Quite honestly, I think I have a better take on this than the study. Here’s why.

I took an older guy somewhere during my early-morning Uber shift, and we got to chatting about retirement. He was in his early sixties and was thinking about retirement in the next couple of years or so — he’d reached all the retirement “qualifications” in terms of his age, length of service, and so on — and when I asked him what he was going to do after retirement, he said quite simply, “I don’t know.” He had no outside interests other than his work, he said, and had no hobbies or anything to keep him occupied when he would quit working.

This set off all sorts of alarm bells in my head, because I’d confronted the very same thoughts when I planned on retiring back in 2016 on reaching age 62 (which seems to be the “killer” age discovered by the researchers).

Worse than that, I either know men personally or have heard of many instances of men who have died soon — very soon — after retiring early. (When men retire at a later age, they paradoxically seem to live longer, as the study shows.) Sometimes, men die within six months of getting their gold watch, after many decades of working with little or even no time off for illness. Where I differ from the study is that I think I know the real reason why this happens.

We’re working dogs.

As long as men have work to do, we do fine. We have a purpose in life, we get up in the mornings with a day’s work ahead of ourselves, and this gives us a reason to live. It’s all tied up, I believe, in our inherent nature as providers and all that goes with it. When that activity stops earlier than expected — at 62, most of us have at least fifteen or even twenty more years to live — subconsciously we still feel that we are capable of working, providing and in short contributing to ourselves and others.

But when that ends, it’s as though a switch is turned off somewhere and our brains simply say, “Oh well, that’s it,” and we die. It may be that illness has been kept at bay through our industry and now given an empty playing field, so to speak, it takes over; or it may be that we do things that are more dangerous (the study mentions driving more as one activity), or perhaps we working dogs just feel useless and our existence, pointless.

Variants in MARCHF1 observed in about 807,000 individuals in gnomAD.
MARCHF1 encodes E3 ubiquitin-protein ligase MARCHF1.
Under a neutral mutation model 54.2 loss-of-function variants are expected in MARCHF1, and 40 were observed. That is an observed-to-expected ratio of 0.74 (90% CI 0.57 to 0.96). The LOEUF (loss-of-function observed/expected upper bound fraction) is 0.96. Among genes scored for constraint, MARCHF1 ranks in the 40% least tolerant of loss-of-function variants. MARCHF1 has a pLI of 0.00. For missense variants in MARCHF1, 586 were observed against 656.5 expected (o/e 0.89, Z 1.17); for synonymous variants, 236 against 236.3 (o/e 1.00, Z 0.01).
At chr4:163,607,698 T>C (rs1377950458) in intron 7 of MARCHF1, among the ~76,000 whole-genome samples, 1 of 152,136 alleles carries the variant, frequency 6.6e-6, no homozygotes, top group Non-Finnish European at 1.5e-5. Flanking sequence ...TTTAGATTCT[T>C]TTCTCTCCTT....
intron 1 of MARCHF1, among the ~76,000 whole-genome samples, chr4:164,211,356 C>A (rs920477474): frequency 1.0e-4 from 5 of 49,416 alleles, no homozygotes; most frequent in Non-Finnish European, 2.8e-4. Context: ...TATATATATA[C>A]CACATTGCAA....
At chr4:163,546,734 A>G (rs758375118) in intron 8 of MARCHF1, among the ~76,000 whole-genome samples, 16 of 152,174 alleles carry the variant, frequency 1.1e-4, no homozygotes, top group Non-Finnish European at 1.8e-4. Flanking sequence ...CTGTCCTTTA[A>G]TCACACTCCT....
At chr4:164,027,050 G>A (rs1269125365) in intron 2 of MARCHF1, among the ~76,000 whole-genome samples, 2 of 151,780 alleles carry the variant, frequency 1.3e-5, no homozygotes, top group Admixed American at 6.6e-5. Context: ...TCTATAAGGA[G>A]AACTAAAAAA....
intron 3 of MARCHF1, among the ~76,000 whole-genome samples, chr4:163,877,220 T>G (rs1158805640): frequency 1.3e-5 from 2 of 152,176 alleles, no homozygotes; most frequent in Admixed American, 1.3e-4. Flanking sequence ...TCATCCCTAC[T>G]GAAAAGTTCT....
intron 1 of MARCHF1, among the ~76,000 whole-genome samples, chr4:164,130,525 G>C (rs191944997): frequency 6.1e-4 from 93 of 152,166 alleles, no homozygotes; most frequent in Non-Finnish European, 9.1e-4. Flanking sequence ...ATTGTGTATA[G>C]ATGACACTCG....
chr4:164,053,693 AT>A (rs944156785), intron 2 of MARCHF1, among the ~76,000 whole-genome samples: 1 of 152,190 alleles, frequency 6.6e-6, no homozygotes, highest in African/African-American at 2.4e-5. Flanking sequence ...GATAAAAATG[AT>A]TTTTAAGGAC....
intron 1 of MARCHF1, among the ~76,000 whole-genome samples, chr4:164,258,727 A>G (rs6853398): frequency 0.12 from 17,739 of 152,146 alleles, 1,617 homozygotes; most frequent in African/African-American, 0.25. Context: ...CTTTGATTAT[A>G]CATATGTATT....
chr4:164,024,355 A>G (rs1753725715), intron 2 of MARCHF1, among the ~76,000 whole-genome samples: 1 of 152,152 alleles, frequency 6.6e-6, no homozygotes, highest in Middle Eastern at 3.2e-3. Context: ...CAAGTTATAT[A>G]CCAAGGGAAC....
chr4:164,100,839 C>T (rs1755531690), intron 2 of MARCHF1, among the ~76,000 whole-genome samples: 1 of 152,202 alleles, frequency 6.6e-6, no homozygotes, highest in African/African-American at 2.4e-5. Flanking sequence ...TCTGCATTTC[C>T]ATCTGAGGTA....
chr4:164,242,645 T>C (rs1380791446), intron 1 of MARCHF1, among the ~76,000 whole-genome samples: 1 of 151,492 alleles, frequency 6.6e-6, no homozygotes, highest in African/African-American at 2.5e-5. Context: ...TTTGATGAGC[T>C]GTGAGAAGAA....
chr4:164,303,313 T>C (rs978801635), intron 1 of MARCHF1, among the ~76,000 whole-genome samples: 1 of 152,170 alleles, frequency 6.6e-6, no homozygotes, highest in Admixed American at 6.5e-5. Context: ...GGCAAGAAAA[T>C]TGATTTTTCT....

It’s one of the reasons why I started blogging (i.e. writing) again after Connie passed away; all those years of caring for her had given me something to do, a purpose in life and now, faced with a life impossibly empty, I could well see why some cussed old fart would just say, “Ah, fuck it.” And die. Believe me, the thought of letting go crossed my mind often.

But this isn’t about me. This is about all men — and a couple of close friends withal — who are contemplating retirement, but without having any kind of backup work to do after they retire. And I’ll bet there are more than a few of my Readers who are looking down the barrel of this very gun, if not now, but soon. (My reader demographics skew towards cantankerous old farts because I am one, and we tend to seek each other out.)

And let me tell you, I fear for these men’s lives. We can’t handle boredom — not those men who have heretofore led active, fulfilling lives working.

Some men try to hold on, become consultants in their erstwhile fields, and either fail (because the market isn’t as great or as receptive as they thought), or they discover that consulting means selling yourself on a daily basis — and can’t bear the job because failure, in almost all cases, means (to them) that they are worthless. So instead of leaving the workplace as successes, they have to quit ignominiously as failures.

Even in our old age, we need a purpose in life, something that gets us out of the house and outside our own heads (the latter being a dark and unpleasant place, trust me on this) and something that will occupy our hands and minds. We are men: we are supposed to work.

And this is why, I believe, that men who retire at an older age are less likely to croak soon after retirement than the younger ones; their minds and bodies have finally said, “Enough!” — and they can let go, be inactive and just play with their grandchildren. But the younger ones are at risk, and they die, tragically in numbers disproportionate to the expectancy.

Some men just refuse to quit working and work until one day they keel over. Some men do charity work in their retirement, but others (e.g. myself) are just not cut out for that kind of thing. Some men take up hobbies which consume their time — just visit a model railroaders’ show and see the demographics of the stallholders — but I have to tell you that a hobby started late in life is seldom going to hold your attention for too long. Some men dream of adventure, and do stupid stuff like exploring the tropical rainforests — like hobbies, a lot of this stuff is best begun when you’re a young man — and sadly, what men discover is that even though they may have retired “young”, their bodies can’t do what a younger man’s can. More failure.

I don’t have an answer to this. I wish I did, but I just don’t. The sad fact of the matter is that without work, we die. And the younger we are when we quit work, the sooner we die.

I welcome any and all ideas, experiences, anecdotes and advice in Comments. It may all be for nothing; but what you say may save a life, and what you read may save yours. And if what you have to say is too personal, feel free to send me an email — I’ll anonymize the thing, take out all the personal details and post the distilled content later. Have at it… please.

This might be the most important post I’ve ever written.